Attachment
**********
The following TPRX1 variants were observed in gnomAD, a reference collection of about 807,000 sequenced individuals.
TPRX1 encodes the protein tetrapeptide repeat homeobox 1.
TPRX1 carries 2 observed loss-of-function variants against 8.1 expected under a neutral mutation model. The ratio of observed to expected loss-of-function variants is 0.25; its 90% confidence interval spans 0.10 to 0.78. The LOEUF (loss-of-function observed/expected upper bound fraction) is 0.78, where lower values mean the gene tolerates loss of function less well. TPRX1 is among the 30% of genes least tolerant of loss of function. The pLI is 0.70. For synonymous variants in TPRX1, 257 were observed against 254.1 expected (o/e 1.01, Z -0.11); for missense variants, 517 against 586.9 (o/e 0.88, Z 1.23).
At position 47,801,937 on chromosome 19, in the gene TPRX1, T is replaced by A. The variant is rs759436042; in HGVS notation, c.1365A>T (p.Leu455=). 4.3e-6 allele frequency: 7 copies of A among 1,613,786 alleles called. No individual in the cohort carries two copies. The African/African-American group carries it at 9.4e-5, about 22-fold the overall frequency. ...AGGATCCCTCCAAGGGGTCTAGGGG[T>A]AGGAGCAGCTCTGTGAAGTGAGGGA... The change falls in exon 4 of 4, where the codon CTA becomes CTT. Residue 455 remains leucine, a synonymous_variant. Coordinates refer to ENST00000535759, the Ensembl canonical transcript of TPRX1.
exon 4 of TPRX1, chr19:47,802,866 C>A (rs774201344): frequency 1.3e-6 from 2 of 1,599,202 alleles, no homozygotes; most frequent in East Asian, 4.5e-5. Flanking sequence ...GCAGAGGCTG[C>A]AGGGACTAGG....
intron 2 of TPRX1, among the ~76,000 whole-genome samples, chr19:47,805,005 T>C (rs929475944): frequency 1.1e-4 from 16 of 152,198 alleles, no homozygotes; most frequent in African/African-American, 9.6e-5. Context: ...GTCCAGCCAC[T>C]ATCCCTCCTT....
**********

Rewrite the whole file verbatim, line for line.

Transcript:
The following TPRX1 variants were observed in gnomAD, a reference collection of about 807,000 sequenced individuals.
TPRX1 encodes the protein tetrapeptide repeat homeobox 1.
TPRX1 carries 2 observed loss-of-function variants against 8.1 expected under a neutral mutation model. The ratio of observed to expected loss-of-function variants is 0.25; its 90% confidence interval spans 0.10 to 0.78. The LOEUF (loss-of-function observed/expected upper bound fraction) is 0.78, where lower values mean the gene tolerates loss of function less well. TPRX1 is among the 30% of genes least tolerant of loss of function. The pLI is 0.70. For synonymous variants in TPRX1, 257 were observed against 254.1 expected (o/e 1.01, Z -0.11); for missense variants, 517 against 586.9 (o/e 0.88, Z 1.23).
At position 47,801,937 on chromosome 19, in the gene TPRX1, T is replaced by A. The variant is rs759436042; in HGVS notation, c.1365A>T (p.Leu455=). 4.3e-6 allele frequency: 7 copies of A among 1,613,786 alleles called. No individual in the cohort carries two copies. The African/African-American group carries it at 9.4e-5, about 22-fold the overall frequency. ...AGGATCCCTCCAAGGGGTCTAGGGG[T>A]AGGAGCAGCTCTGTGAAGTGAGGGA... The change falls in exon 4 of 4, where the codon CTA becomes CTT. Residue 455 remains leucine, a synonymous_variant. Coordinates refer to ENST00000535759, the Ensembl canonical transcript of TPRX1.
exon 4 of TPRX1, chr19:47,802,866 C>A (rs774201344): frequency 1.3e-6 from 2 of 1,599,202 alleles, no homozygotes; most frequent in East Asian, 4.5e-5. Flanking sequence ...GCAGAGGCTG[C>A]AGGGACTAGG....
intron 2 of TPRX1, among the ~76,000 whole-genome samples, chr19:47,805,005 T>C (rs929475944): frequency 1.1e-4 from 16 of 152,198 alleles, no homozygotes; most frequent in African/African-American, 9.6e-5. Context: ...GTCCAGCCAC[T>C]ATCCCTCCTT....